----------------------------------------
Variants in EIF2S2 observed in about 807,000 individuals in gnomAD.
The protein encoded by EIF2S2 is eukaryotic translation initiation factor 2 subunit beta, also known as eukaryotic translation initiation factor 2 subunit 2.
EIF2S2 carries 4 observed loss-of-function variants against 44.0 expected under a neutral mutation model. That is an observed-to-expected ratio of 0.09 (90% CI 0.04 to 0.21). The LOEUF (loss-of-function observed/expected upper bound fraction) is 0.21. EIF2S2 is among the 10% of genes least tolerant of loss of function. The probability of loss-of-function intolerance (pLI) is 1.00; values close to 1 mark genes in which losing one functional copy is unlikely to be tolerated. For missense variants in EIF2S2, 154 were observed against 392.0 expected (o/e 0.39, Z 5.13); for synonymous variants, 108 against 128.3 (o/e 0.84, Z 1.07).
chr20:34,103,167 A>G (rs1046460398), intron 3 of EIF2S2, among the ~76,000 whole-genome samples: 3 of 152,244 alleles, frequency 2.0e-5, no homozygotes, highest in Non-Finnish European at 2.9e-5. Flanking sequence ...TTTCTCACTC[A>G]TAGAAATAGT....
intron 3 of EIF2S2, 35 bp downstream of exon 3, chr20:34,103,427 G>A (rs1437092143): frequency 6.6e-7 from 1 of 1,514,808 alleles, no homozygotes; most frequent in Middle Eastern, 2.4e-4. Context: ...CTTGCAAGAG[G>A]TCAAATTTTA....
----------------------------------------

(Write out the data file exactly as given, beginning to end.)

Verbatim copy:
Variants in EIF2S2 observed in about 807,000 individuals in gnomAD.
The protein encoded by EIF2S2 is eukaryotic translation initiation factor 2 subunit beta, also known as eukaryotic translation initiation factor 2 subunit 2.
EIF2S2 carries 4 observed loss-of-function variants against 44.0 expected under a neutral mutation model. That is an observed-to-expected ratio of 0.09 (90% CI 0.04 to 0.21). The LOEUF (loss-of-function observed/expected upper bound fraction) is 0.21. EIF2S2 is among the 10% of genes least tolerant of loss of function. The probability of loss-of-function intolerance (pLI) is 1.00; values close to 1 mark genes in which losing one functional copy is unlikely to be tolerated. For missense variants in EIF2S2, 154 were observed against 392.0 expected (o/e 0.39, Z 5.13); for synonymous variants, 108 against 128.3 (o/e 0.84, Z 1.07).
chr20:34,103,167 A>G (rs1046460398), intron 3 of EIF2S2, among the ~76,000 whole-genome samples: 3 of 152,244 alleles, frequency 2.0e-5, no homozygotes, highest in Non-Finnish European at 2.9e-5. Flanking sequence ...TTTCTCACTC[A>G]TAGAAATAGT....
intron 3 of EIF2S2, 35 bp downstream of exon 3, chr20:34,103,427 G>A (rs1437092143): frequency 6.6e-7 from 1 of 1,514,808 alleles, no homozygotes; most frequent in Middle Eastern, 2.4e-4. Context: ...CTTGCAAGAG[G>A]TCAAATTTTA....